SCT Quarterly - Q4 2018

Chairperson's welcome

Welcome to SCT Quarterly.

It's been a big quarter for the Superannuation Complaints Tribunal, and for the superannuation industry as a whole, with the continuation of the Royal Commission into Misconduct in the Banking, Superannuation and Financial Services Industry and the Productivity Commission’s Inquiry into Superannuation (for which the final report was publicly released this month).

The Tribunal accepted its last complaint on 31 October 2018, after the biggest month of complaints received in our history (a 47% increase on the month prior, and a 76% increase on October 2017). We have completed the shift from being the external dispute resolution scheme for superannuation complaints, and now continue to operate to resolve our existing complaints.

On 1 November, the Australian Financial Complaints Authority (AFCA) started accepting complaints. The transition has gone well, however we are still occasionally receiving complaints from fund members. We encourage all trustees to check that their internal dispute resolution communications list AFCA as the escalation point for disputes.

This is the last edition of SCT Quarterly that will include statistics about complaints received. From here on in, we will focus on complaints resolved and the steps we are taking to resolve the remaining complaints. In this edition, we shine a spotlight on the distribution of death benefits, which continues to be our largest single complaint category. You can read more about death benefits in our focus section below.

We are pleased to announce that, in Q4, the Assistant Treasurer appointed and reappointed members to the Tribunal. We would like to welcome former Tribunal Chairperson Jocelyn Furlan and former Tribunal member Pamela McAlister back to the Tribunal as part time members, and congratulate them on their appointments. We also congratulate Stephen Duffield, Amanda MacDonald, Justin Malbon, Beth McConnell and Lynda Purcell on their re-appointments, while saying farewell to Noel Davis and Hayley Pope, who have resigned from the Tribunal. We thank you both for your invaluable contributions to the Tribunal, and wish you well in your future endeavours. You can read about our members on our website here.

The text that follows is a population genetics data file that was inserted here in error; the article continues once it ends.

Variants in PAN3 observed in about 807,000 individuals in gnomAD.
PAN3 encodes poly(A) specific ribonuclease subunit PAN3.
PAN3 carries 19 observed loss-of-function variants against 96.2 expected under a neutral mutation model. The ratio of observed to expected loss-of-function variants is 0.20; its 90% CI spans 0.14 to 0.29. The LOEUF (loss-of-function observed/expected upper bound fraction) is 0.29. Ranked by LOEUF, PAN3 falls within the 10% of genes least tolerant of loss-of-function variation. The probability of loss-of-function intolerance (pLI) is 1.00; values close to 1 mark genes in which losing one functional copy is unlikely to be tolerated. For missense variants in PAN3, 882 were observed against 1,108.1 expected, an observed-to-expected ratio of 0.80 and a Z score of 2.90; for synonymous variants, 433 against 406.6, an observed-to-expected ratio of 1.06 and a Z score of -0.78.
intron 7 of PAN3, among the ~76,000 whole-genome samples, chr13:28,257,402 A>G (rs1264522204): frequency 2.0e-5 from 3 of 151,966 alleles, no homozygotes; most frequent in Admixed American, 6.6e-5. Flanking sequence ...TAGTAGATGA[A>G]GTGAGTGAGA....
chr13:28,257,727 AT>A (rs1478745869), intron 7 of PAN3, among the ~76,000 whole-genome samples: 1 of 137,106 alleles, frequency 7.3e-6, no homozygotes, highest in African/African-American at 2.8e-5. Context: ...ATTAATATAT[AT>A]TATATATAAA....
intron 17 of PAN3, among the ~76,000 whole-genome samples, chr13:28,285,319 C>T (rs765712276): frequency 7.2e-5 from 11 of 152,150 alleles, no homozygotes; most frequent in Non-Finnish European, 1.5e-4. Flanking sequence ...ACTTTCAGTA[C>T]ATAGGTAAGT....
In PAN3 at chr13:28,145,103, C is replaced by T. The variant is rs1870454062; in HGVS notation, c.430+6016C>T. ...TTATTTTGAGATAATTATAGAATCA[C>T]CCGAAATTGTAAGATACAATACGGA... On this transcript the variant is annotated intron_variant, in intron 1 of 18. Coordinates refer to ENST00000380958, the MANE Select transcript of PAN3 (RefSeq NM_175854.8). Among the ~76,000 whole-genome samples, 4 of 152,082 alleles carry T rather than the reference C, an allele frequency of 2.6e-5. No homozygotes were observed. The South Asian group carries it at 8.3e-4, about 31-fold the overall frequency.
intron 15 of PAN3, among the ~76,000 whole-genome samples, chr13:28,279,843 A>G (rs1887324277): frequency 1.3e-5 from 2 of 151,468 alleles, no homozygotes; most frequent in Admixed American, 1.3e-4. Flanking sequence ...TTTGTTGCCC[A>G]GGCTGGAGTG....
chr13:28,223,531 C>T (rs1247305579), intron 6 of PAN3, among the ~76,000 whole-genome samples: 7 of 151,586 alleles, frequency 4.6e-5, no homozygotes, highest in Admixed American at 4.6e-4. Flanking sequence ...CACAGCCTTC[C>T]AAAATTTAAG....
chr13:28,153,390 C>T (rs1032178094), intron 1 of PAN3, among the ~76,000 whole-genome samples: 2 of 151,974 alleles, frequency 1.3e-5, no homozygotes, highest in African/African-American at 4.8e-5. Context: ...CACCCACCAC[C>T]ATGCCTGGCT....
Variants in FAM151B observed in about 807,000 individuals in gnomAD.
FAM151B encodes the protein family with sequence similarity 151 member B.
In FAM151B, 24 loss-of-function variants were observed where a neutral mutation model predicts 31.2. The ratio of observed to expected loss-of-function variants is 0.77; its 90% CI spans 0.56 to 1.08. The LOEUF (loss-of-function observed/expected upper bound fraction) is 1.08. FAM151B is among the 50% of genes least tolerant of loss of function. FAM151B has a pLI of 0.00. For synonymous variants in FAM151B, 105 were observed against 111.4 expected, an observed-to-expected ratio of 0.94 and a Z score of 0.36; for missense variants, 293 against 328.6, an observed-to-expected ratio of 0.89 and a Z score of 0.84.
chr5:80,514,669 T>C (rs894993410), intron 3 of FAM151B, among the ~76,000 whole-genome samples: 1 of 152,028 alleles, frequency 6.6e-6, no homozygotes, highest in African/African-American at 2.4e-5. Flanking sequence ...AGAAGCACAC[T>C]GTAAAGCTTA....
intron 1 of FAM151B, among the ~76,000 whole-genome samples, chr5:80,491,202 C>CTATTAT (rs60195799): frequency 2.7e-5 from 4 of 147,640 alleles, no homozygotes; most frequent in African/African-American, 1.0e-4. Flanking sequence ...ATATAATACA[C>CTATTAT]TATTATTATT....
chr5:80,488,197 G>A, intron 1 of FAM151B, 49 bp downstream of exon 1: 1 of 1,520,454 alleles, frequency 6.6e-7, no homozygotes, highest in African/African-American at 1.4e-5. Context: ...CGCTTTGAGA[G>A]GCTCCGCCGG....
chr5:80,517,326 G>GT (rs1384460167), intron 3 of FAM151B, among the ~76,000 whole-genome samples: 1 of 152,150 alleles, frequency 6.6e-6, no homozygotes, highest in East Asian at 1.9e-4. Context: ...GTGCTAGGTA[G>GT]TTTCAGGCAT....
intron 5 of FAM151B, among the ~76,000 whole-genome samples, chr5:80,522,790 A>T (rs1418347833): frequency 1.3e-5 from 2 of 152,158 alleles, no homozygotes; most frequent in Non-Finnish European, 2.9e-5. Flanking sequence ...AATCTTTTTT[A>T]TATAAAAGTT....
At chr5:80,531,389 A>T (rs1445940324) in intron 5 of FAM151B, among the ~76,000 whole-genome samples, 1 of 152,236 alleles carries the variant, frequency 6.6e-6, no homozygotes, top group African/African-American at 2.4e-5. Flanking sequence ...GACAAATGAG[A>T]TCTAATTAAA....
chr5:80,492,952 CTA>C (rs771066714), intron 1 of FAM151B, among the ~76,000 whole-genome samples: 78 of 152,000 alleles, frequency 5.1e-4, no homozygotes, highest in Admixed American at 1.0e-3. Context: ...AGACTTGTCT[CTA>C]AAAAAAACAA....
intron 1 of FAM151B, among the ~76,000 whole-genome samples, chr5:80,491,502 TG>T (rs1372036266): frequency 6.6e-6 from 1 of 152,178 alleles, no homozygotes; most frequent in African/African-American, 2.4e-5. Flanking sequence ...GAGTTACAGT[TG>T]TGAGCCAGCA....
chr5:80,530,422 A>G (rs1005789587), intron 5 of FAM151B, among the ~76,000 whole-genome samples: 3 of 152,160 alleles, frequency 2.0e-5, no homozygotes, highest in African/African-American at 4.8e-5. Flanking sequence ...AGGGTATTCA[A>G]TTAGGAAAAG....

In Q4, we also welcomed new staff to the Tribunal and rolled out a comprehensive training program. This affected complaint resolution rates (as expected), as existing staff created and delivered the training program and continued to offer on-the-job training. We expect to see the benefits of the increase in Tribunal staff on complaint resolution rates in coming quarters.

We hope you enjoy this edition of SCT Quarterly. If you have any feedback, suggestions or queries, please send them through to us at info@sct.gov.au.

Helen Davis, Chairperson

 

Q4 2018 focus: death benefit complaints

The distribution of death benefits has been the Tribunal’s largest single complaint category almost since inception.

This quarter, the percentage of complaints resolved in this category rose (32.4% this quarter; 24.4% in Q3). While that is noteworthy, it’s important to note that this has been influenced by a targeted approach to death benefit complaints, and the prioritisation of complaints with a potential anti-detriment payment in particular.

Death benefit trends: resolution of complaints

We noted that a complainant’s lack of familiarity with the role of superannuation often impacts on the complaints in the Q1 2017 edition of SCT Quarterly. ‘It is often not well understood that superannuation does not automatically form part of a deceased member’s estate.’ This remains true, and we see this play out in the statistics about the stage of resolution.

In Q4 2018, the majority of death benefit distribution complaints were resolved following a conciliation conference (32.2% of all resolved death benefit complaints). This is generally for one of two reasons: an agreement is reached by the parties to a complaint; or, the complainant may better understand why the trustee has decided to distribute the benefit a particular way, and withdraw a complaint.